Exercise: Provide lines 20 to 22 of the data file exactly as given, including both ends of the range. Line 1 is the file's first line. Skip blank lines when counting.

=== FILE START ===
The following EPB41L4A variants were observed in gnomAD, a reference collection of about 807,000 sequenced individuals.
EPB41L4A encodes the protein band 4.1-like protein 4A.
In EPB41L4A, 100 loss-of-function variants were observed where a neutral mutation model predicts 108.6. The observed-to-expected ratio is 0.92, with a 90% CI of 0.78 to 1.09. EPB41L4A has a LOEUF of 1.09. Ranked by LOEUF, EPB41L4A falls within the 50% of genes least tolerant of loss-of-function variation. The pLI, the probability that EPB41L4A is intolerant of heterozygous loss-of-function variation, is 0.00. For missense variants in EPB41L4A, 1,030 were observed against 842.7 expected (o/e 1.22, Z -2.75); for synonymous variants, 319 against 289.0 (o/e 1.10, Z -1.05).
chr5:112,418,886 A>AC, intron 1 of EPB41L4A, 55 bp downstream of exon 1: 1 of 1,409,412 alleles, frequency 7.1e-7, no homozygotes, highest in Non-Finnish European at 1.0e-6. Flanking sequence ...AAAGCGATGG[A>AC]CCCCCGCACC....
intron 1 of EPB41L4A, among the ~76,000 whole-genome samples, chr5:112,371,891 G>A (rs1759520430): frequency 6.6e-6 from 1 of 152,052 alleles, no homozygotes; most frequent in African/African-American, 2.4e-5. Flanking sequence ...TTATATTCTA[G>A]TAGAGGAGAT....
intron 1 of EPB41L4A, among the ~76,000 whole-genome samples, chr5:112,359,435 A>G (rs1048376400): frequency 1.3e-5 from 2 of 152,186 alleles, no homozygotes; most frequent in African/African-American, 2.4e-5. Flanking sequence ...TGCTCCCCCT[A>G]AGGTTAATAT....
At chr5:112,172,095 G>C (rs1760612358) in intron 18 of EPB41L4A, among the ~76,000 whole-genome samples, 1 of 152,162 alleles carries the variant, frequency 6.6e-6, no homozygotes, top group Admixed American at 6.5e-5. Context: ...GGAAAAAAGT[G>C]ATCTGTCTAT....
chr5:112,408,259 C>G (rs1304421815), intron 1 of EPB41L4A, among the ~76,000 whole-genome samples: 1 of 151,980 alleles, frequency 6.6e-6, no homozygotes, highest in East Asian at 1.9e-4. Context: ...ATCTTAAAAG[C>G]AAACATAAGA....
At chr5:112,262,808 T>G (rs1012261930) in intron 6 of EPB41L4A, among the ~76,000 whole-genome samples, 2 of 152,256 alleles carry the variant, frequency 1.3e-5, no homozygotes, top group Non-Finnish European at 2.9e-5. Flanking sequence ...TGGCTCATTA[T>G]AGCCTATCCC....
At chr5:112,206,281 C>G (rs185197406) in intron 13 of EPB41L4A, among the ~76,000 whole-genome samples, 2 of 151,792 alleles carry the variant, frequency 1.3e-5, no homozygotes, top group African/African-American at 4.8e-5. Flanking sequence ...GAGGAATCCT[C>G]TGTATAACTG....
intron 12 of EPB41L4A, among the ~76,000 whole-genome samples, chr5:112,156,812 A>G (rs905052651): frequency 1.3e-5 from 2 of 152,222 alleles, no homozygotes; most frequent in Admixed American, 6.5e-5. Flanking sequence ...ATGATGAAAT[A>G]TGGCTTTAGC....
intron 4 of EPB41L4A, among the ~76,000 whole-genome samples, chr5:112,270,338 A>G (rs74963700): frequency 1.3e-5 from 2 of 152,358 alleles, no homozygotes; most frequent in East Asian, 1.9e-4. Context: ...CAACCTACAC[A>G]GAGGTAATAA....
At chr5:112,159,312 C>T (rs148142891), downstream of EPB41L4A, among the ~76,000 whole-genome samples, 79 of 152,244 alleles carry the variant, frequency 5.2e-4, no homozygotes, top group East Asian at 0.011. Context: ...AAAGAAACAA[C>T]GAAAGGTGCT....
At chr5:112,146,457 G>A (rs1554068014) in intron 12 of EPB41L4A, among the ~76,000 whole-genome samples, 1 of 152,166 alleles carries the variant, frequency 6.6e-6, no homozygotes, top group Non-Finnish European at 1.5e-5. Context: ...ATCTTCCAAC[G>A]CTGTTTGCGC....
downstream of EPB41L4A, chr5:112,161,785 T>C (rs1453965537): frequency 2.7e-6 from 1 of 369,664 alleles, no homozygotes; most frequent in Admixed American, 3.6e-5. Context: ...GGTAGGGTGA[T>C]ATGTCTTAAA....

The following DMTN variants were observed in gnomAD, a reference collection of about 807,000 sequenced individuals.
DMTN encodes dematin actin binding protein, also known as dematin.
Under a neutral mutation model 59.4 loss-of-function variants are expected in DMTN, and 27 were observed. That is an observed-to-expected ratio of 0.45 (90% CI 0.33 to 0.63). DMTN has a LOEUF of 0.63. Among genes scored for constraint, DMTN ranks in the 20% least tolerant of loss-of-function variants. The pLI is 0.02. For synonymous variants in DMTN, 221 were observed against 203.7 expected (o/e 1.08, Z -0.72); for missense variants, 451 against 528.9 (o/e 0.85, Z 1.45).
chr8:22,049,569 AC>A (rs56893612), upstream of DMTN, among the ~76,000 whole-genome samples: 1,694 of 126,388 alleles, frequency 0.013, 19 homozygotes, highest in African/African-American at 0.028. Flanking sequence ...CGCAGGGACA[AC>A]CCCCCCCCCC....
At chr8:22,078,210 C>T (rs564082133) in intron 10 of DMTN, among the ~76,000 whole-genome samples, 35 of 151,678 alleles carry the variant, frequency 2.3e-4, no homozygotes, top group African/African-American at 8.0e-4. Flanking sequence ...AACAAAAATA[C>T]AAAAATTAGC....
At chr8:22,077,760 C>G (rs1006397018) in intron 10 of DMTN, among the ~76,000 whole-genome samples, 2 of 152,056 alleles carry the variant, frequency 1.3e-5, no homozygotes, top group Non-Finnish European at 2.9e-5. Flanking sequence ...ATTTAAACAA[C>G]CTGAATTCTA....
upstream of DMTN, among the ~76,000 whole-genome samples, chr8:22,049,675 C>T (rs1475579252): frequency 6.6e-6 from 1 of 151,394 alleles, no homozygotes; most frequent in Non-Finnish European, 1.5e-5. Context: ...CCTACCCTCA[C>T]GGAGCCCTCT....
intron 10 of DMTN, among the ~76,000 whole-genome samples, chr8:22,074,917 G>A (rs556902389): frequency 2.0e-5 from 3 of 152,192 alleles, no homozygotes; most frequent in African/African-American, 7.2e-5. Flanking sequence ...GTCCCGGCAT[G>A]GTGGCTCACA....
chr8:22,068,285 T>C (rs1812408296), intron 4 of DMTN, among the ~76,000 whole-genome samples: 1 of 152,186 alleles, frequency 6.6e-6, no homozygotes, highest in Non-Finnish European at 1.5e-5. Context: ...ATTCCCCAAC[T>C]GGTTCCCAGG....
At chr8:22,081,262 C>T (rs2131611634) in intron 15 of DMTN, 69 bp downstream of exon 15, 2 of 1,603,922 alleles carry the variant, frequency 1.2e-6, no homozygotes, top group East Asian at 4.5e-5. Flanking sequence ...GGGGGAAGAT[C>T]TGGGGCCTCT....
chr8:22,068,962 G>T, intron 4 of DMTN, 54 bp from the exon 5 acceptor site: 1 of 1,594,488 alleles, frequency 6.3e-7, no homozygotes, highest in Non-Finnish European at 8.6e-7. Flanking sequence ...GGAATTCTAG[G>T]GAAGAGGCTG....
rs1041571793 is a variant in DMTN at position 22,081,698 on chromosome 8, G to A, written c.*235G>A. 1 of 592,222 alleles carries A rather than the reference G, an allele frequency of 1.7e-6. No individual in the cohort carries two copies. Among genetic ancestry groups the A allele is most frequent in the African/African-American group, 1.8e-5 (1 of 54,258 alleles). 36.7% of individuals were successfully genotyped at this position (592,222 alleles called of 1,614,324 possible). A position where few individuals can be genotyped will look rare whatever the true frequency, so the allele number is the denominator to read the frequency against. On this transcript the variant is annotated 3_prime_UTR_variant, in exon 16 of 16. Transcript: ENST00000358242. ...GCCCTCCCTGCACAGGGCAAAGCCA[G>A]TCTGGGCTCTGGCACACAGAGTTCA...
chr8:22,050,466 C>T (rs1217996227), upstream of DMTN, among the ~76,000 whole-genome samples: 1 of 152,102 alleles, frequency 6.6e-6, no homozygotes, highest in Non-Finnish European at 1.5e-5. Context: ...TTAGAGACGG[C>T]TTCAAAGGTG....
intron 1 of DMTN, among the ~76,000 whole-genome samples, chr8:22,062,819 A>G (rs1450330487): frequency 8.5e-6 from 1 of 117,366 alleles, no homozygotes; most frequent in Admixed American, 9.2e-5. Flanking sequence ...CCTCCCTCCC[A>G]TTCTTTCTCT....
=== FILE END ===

At chr8:22,078,210 C>T (rs564082133) in intron 10 of DMTN, among the ~76,000 whole-genome samples, 35 of 151,678 alleles carry the variant, frequency 2.3e-4, no homozygotes, top group African/African-American at 8.0e-4. Flanking sequence ...AACAAAAATA[C>T]AAAAATTAGC....
At chr8:22,077,760 C>G (rs1006397018) in intron 10 of DMTN, among the ~76,000 whole-genome samples, 2 of 152,056 alleles carry the variant, frequency 1.3e-5, no homozygotes, top group Non-Finnish European at 2.9e-5. Flanking sequence ...ATTTAAACAA[C>G]CTGAATTCTA....
upstream of DMTN, among the ~76,000 whole-genome samples, chr8:22,049,675 C>T (rs1475579252): frequency 6.6e-6 from 1 of 151,394 alleles, no homozygotes; most frequent in Non-Finnish European, 1.5e-5. Context: ...CCTACCCTCA[C>T]GGAGCCCTCT....